Forecast Discussion:

The giant trough continues to be trough-y. That is keeping us cool. There are smaller short-wave troughs embedded the flow that will kick down cold fronts of various strengths through the weekend (red lines in Figure 1). A cold front came down Wednesday afternoon and weak up-slope and lift may drop a bit of snow along I-25 Wednesday PM into Thursday AM. Figure 2 shows the midnight scattered showers and front nearby. Figure 3 shows the main storm off to the east by noon today (Thursday).

Figure 4 is the HRRR model for the 15 hours up to 5 a.m. Thursday. There are a couple of bands of snow out on the plains, but not much of note around Longmont. Figure 5 is the GFS for the next 18 hours (through Thursday AM). It shows snow closer to Longmont, but there isn’t much.

Figure 6 is the the 10 day graphic from the weatherunderground.com model, and it gives  only a small chance of rain overnight.

 

Figure 1: The current 500mb upper air map for Wednesday evening from NCAR/UCAR.
Figure 2: The forecast surface map for Thursday AM. From NCEP.
Figure 3: The forecast surface map for Thursday noon. From NCEP.
Figure 4: The forecast accumulated snow map from the HRRR and weather5280.com for Colorado for the next 15 hours. Longmont is the pink dot, as always.
Figure 5: The forecast accumulated snow map from the GFS and weather5280.com for Colorado for the next 18 hours. Longmont is the pink dot, as always.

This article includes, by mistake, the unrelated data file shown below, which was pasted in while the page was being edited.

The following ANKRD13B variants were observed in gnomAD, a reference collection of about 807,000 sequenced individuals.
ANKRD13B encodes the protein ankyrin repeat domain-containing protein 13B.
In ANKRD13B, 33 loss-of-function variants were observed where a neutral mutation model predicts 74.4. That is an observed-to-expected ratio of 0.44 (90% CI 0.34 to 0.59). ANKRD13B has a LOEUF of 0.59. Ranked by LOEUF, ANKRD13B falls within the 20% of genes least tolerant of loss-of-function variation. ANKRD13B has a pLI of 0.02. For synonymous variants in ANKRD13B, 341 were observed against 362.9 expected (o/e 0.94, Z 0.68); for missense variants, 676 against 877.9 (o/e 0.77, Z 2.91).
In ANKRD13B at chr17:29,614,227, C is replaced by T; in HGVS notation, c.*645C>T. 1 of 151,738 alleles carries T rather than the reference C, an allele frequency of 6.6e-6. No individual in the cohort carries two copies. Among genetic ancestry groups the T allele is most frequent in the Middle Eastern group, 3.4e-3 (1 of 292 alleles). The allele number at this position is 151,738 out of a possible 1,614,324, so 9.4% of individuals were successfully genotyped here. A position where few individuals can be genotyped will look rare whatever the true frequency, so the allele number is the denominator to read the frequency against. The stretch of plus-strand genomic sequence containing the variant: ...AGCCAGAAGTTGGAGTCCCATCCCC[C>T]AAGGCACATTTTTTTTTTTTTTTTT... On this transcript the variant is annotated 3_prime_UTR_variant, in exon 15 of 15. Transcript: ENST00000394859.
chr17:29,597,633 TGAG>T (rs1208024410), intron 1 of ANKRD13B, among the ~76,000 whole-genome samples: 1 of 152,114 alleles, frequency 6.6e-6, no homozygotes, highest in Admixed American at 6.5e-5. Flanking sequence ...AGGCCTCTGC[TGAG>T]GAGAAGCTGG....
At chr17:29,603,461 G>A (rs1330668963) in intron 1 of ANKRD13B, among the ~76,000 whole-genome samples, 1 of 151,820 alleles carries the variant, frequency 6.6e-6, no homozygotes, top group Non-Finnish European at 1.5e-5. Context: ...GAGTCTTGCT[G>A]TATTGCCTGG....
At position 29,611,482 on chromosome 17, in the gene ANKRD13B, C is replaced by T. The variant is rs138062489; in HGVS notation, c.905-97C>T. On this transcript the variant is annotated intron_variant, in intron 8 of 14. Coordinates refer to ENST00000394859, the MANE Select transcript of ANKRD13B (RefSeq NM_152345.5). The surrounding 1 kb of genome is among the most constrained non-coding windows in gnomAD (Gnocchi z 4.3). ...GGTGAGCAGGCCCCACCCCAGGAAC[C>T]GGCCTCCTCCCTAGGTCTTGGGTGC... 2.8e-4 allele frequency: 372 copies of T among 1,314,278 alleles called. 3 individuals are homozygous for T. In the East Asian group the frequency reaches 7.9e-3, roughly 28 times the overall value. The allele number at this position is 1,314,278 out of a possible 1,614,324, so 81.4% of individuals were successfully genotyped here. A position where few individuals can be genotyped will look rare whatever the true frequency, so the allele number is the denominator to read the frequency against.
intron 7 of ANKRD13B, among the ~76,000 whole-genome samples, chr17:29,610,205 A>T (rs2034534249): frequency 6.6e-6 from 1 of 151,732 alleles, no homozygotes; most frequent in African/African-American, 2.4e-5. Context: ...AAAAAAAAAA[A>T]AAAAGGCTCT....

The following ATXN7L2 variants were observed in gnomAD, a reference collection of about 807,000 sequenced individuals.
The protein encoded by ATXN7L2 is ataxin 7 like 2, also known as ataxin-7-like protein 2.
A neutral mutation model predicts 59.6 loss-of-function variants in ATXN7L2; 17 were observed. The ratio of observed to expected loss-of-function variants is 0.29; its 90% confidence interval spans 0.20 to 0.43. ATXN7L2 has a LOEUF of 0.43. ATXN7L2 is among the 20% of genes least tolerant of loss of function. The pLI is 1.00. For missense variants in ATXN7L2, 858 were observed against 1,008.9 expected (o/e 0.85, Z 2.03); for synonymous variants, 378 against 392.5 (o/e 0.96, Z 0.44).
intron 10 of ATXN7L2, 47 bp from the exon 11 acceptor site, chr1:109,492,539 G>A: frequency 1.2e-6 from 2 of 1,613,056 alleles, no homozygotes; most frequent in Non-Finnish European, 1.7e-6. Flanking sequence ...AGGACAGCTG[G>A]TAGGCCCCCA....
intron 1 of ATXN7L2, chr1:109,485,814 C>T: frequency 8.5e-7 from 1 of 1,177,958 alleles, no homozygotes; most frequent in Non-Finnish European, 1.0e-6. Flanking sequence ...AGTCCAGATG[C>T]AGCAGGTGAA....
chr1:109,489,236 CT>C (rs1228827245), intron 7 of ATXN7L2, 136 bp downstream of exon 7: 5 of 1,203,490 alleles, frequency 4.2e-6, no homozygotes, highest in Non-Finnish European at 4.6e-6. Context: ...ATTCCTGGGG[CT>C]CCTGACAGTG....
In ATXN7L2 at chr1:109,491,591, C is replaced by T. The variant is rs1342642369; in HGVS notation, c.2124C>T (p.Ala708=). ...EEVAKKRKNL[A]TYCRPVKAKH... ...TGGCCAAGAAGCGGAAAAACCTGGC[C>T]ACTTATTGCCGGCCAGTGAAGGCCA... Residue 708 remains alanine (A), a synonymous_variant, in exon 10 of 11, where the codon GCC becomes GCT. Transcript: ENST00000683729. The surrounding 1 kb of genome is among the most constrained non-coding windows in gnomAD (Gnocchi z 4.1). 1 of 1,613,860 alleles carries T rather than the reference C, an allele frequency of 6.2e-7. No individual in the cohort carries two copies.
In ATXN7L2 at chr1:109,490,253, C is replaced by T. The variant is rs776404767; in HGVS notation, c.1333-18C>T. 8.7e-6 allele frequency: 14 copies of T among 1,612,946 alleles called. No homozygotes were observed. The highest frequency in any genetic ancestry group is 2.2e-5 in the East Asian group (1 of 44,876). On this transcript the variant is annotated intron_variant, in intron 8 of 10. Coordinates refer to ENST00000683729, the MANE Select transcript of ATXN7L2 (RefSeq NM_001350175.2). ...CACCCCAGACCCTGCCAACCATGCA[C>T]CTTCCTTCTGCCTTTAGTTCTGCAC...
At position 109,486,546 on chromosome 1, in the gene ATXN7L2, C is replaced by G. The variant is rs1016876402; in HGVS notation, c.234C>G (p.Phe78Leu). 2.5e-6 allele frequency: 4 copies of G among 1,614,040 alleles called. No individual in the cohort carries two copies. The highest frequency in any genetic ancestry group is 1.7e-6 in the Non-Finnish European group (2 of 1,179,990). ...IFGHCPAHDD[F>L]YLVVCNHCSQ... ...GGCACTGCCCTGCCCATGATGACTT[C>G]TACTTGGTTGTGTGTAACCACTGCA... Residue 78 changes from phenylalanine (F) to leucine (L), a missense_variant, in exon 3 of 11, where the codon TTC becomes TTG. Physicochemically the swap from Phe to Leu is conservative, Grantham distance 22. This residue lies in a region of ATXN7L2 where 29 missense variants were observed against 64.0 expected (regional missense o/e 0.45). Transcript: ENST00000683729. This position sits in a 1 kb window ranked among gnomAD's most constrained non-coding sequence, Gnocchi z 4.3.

The longer range forecast:

There is another front that passes on Friday that keeps us cool. The weekend storm may come from two short wave troughs that extend precipitation chances through Monday. More on that later!

Figure 6: the next 10 days of the graphical forecast for Longmont, CO from weatherunderground.com
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John Ensworth works from Longmont as the Principle Investigator for the NASA Science Mission Directorate Earth and space science education product review through the IGES (The Institute for Global Environmental Strategies – www.strategies.org) . He is in his 14th year running this review. He is an astronomer (from the 2nd grade onward) and became a meteorologist (in the 5th grade) when a thunderstorm in Arizona rained on his telescope when the weather service had only forecasted a 10% chance of rain. He has college degrees in physics and astronomy and climatology and a graduate degree in meteorology and earth science. He lectures at the Little Thompson Observatory in Berthoud, the Estes Park Memorial Observatory in Estes Park, and for a number of online universities. He built and runs a backyard observatory near Pace and 17th in northeast Longmont where he has lived for 8 years with his wife, daughter, son, and two cats. Invitations to open house nights at this observatory, LTO, and EPMO will be posted with future discussions when they are scheduled. Forecasting severe weather and snow amounts via text lead to this column. He began texting friends about the weather right after the September 2013 flood. The readers of this column will, hopefully, keep him honest in what he ‘thought’ he had forecasted for ‘the most recent’ storm.

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